Rights Activists Use Bitcoin to Prevent Incarceration of Victimless Criminal Offenders in New Hampshire
An interview with Joël Valenzuela, founder of the Rights Brigade, about how Bitcoin is used to help educate and empower jurors in New Hampshire for preventing victimless crime offenders going to jail.
Rights Brigade, a New Hampshire-based rights group, is using a Bitcoin-fueled approach to activism to prevent victimless crime culprits from going to jail.
The purpose of its Jury Nullification Outreach Campaign is to educate Jurors about their rights so that they could avoid sending innocent people to prison.
Statistics show that 86 percent of Americans go to jail for victimless crimes like substance use and public order disturbance. It is tough to understand why people are incarcerated for hurting no one but themselves.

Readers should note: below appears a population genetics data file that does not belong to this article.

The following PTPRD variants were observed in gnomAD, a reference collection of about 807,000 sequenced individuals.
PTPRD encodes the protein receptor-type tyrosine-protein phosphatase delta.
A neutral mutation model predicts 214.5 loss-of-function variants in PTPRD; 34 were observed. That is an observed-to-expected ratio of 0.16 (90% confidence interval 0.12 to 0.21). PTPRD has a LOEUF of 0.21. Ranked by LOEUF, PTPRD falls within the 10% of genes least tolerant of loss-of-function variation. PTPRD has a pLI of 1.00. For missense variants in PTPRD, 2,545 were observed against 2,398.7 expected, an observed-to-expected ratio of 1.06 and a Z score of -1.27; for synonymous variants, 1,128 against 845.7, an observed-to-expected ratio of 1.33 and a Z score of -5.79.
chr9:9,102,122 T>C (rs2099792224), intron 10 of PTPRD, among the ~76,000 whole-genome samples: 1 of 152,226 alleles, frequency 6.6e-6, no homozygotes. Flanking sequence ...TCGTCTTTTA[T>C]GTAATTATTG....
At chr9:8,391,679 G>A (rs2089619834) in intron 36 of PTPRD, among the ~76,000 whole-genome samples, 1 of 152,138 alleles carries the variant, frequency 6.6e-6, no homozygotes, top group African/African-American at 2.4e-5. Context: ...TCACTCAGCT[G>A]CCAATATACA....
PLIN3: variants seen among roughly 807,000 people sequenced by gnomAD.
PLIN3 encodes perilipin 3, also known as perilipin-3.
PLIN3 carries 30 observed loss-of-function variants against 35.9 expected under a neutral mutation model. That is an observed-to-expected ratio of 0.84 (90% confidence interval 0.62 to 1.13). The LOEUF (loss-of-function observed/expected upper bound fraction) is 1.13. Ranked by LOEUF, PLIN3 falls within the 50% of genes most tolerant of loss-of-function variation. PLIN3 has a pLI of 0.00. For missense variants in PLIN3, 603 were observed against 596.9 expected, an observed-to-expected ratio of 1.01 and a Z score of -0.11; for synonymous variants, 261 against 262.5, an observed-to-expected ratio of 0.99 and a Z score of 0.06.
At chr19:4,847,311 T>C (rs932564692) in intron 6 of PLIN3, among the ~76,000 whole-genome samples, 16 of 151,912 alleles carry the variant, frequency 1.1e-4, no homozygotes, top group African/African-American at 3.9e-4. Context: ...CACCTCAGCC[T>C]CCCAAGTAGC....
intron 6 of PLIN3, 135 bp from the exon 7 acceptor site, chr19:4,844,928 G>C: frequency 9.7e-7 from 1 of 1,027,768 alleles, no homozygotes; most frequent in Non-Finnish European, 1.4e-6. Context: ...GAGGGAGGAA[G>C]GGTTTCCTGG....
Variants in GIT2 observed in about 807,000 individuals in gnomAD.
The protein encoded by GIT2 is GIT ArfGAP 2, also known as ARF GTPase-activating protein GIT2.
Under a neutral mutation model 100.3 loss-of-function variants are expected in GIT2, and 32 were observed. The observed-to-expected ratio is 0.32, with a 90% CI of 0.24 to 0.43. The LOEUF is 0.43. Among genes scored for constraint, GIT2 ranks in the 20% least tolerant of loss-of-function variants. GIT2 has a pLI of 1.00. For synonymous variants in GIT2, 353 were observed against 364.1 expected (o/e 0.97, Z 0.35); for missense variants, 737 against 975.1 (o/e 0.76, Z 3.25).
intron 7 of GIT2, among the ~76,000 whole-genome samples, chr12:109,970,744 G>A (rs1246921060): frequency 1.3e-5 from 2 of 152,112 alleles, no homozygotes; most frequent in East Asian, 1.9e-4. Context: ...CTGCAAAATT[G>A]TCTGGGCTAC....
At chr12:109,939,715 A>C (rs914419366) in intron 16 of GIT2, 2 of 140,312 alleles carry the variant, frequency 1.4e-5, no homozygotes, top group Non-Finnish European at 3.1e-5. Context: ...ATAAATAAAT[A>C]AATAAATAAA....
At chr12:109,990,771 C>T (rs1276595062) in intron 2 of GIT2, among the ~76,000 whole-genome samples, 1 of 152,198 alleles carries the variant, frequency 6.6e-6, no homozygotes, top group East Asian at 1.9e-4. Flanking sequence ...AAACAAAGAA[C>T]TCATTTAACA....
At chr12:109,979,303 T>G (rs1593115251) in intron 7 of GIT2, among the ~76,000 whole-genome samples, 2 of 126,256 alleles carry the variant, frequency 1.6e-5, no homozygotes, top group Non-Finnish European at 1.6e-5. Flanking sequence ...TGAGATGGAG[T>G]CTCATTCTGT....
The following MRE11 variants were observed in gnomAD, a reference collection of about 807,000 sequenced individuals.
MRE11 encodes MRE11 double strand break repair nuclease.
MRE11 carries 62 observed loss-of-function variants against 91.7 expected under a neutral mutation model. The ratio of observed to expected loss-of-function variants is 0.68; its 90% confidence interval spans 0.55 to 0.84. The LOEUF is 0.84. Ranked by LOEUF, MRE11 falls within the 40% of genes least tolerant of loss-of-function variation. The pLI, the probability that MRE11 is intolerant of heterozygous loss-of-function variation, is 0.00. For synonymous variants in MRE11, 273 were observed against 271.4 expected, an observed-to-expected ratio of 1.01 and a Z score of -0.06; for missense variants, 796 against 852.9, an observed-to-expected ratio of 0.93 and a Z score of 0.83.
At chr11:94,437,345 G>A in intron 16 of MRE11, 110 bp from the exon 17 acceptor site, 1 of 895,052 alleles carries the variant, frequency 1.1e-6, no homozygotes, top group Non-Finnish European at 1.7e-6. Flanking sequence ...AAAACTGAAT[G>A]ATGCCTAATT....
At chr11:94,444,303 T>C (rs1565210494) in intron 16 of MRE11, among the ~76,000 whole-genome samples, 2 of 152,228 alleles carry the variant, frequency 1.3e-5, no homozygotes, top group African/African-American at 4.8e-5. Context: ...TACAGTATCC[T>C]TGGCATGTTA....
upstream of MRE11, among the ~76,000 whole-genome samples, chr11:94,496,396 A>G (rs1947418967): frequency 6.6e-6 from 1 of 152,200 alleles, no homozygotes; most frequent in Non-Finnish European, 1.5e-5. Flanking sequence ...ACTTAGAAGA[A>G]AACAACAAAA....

Cointelegraph spoke to Joel Valenzuela the founder of the Rights Brigade about how Bitcoin is used to help educate and empower jurors in New Hampshire on preventing victimless criminal offenders going to jail. Joël Valenzuela is also a contributor to Cointelegraph.
Cointelegraph: What necessitated your campaign?
Joël Valenzuela: Every day, people go to jail or suffer criminal convictions because of either a legal technicality or because they committed a victimless crime, an action that is technically illegal but hurts no one. In the American jury system, jurors can vote not to convict a defendant, regardless of the letter of the law. However, most jurors don't know they have this right and end up sending innocent people to jail because they don't think they have a choice.
Cointelegraph: What are you going to do?
JV: We will pass out pamphlets to jurors in front of courthouses at the 11 superior courts in New Hampshire. Activists are compensated in Bitcoin- not much but enough to cover their transportation